- More schools are using scholarships to attract esports talent: 20 percent of schools say they are already offering scholarships and financial aid to encourage students with esports experience to apply and enroll; and another 67 percent say they are considering it.
- In one in five schools, an esports program is already in place
- Only nine percent of schools surveyed found a lack of interest in esports
- It’s not as expensive as some might think; 69 percent of schools with esports programs estimated the annual cost to be less than $10,000
- At the school level, League of Legends and Overwatch are the most popular games, as 81 percent of schools involved in esports compete in League of Legends and 50 percent compete in Overwatch, followed by Fortnite with 37 percent. Others with frequent mentions include FIFA, Hearthstone, Dragonball Fighter Z, Rocket League, andSuper Smash Brothers
In fact, many of the student/athlete software platforms (previously limited to helping students connect with schools and coaches who were recruiting for sports like cheer, lacrosse and soccer) are now listing esports programs, and noting the scholarship money available. Among these are NCSA (Next College Student Athlete), GYO Score and a host of others.
NBC News recently noted that in the 2018-19 school year, some 200 colleges in the U.S. offered $16 million in esports scholarships, more than a threefold increase since 2015. Looking to boost enrollment and keep up with the latest tech-industry trend, colleges are plucking recruits from online gaming platforms as teams continue to spring up in high schools everywhere. The National Federation of State High School Associations also offers an esports program.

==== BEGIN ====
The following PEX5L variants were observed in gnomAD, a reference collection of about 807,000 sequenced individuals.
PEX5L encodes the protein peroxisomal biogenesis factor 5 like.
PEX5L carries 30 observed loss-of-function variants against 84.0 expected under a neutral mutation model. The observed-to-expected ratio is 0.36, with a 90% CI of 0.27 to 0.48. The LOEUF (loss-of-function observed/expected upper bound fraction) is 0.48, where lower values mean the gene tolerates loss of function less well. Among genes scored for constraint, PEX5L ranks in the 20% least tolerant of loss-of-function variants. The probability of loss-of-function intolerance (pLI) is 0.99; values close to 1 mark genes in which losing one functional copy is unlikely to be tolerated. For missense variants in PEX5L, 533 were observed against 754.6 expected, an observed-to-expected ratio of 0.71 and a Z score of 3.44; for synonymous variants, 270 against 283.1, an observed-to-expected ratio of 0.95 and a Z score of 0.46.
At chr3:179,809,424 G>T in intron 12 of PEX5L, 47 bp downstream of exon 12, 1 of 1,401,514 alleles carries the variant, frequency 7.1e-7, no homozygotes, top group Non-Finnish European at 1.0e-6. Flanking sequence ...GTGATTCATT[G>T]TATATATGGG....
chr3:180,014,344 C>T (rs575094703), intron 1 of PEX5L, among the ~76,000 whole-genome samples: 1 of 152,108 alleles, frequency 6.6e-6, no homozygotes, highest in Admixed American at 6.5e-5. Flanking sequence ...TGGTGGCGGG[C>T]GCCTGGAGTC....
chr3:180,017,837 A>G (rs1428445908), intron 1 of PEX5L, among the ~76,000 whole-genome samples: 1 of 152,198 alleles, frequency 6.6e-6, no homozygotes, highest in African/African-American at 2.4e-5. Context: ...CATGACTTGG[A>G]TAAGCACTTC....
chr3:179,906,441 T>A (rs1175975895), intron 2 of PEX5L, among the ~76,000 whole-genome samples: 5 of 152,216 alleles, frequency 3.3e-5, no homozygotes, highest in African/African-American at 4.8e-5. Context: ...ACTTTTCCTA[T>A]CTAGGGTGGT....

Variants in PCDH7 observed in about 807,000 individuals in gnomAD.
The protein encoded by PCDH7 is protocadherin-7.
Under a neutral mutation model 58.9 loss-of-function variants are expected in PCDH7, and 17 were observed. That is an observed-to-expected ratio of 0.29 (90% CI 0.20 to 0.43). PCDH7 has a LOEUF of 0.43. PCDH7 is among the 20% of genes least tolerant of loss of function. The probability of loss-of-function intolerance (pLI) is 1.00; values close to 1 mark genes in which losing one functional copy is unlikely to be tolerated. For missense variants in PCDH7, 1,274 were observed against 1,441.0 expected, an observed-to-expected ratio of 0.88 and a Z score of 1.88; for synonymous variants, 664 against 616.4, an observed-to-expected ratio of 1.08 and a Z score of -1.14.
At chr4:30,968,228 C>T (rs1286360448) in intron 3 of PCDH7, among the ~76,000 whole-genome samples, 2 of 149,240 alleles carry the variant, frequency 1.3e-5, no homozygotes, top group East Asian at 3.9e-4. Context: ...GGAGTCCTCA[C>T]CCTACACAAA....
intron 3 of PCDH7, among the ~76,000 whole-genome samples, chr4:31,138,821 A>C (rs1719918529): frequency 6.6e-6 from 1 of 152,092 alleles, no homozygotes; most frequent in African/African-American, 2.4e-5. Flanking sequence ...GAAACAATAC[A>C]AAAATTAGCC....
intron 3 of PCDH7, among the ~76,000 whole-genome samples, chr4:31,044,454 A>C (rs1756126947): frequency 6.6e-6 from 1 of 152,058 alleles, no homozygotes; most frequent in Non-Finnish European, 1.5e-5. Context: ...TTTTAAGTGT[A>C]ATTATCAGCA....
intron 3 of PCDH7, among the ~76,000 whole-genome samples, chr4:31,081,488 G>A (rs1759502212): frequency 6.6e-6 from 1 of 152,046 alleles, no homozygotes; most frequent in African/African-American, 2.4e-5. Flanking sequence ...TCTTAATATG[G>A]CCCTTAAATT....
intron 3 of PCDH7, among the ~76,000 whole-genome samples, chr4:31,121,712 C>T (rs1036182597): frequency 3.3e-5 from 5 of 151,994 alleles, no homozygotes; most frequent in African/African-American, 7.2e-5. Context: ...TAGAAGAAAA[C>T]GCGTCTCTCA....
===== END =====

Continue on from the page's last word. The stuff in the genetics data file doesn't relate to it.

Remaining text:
Competitions can also bring in big money. Just last year, the grounds that typically host the US Open saw a sellout crowd who came to watch the Fortnite World Cup. And when the dust cleared, the 16-year-old winner of the event took home the grand prize of $3 million. Second and third place were $1.8 million and $1.05 million, respectively. And every qualifier took home $50,000.
The scope of players also continues to broaden. According to Inside The Games, esports is set to make its International Wheelchair and Amputee Sports Federation (IWAS) World Games debut in December in Thailand. (In addition, Earlier the International Esports Federation (IESF) announced that its World Championship will take place this year in Eilat in Israel, between December 6 and 12.
The lone holdout in the evolutionary chain continues to be NCAA, which, back in May of last year, decided to table discussions of esports, having explored the topic for 18 months without coming to a decision.